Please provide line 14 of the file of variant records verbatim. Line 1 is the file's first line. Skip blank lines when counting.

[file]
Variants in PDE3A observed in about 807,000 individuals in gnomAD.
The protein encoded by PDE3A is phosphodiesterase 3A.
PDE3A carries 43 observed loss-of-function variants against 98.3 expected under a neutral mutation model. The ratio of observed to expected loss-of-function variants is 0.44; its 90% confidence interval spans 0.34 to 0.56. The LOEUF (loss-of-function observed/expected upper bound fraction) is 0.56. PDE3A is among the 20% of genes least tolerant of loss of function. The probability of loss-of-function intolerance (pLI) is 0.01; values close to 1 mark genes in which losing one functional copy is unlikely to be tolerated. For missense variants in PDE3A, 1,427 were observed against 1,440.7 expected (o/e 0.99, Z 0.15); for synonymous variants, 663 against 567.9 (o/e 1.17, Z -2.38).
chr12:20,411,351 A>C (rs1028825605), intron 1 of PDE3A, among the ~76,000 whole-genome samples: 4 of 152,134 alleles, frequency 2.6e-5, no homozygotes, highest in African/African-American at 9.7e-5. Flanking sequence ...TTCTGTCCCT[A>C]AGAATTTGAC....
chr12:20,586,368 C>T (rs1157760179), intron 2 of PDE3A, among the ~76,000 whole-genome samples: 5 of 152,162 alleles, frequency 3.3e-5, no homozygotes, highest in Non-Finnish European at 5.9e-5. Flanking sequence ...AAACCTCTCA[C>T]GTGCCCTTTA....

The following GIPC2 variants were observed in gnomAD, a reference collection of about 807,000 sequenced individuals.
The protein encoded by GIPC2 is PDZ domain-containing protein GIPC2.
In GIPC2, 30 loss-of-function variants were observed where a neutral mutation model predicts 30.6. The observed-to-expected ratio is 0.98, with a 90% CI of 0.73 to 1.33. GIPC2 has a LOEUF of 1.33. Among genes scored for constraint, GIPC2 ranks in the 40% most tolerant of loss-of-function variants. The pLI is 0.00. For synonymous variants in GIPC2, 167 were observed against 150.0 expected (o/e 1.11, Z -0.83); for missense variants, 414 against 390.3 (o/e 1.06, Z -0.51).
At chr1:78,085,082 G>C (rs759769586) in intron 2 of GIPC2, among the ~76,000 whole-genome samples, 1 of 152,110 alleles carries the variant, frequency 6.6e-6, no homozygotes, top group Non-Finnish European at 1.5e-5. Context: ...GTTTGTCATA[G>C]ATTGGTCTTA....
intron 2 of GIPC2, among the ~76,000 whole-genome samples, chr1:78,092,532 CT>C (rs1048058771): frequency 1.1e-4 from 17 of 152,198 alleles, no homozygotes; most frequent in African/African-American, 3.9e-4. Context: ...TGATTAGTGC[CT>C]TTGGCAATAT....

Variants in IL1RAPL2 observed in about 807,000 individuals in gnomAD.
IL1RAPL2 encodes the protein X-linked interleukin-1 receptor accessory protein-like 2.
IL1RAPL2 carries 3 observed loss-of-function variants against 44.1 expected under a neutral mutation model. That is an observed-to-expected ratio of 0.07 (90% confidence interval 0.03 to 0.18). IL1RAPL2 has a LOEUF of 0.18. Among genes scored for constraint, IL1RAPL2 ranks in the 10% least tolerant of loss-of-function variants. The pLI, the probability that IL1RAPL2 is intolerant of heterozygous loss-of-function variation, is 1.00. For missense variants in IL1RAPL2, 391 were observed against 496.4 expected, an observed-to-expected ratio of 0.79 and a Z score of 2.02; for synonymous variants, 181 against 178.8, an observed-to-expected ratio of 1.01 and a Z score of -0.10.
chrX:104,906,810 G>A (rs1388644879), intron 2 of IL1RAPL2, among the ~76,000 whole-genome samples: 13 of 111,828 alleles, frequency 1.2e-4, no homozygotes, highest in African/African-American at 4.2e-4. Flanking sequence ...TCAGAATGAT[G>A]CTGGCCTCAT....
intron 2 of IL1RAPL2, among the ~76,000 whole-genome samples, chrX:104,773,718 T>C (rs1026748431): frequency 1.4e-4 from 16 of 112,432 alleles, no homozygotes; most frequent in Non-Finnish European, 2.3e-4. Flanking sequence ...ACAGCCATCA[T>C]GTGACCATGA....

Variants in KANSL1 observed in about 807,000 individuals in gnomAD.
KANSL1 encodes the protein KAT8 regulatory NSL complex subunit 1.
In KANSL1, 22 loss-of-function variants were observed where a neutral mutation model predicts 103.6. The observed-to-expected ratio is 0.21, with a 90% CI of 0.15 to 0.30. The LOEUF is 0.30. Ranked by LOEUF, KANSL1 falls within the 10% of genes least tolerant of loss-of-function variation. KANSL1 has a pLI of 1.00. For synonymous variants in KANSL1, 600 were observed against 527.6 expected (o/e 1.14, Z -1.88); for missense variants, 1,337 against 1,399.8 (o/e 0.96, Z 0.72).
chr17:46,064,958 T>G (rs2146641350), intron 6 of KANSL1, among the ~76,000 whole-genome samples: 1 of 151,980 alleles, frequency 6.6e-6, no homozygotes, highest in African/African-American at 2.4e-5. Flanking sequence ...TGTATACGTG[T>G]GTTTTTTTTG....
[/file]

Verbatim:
chrX:104,906,810 G>A (rs1388644879), intron 2 of IL1RAPL2, among the ~76,000 whole-genome samples: 13 of 111,828 alleles, frequency 1.2e-4, no homozygotes, highest in African/African-American at 4.2e-4. Flanking sequence ...TCAGAATGAT[G>A]CTGGCCTCAT....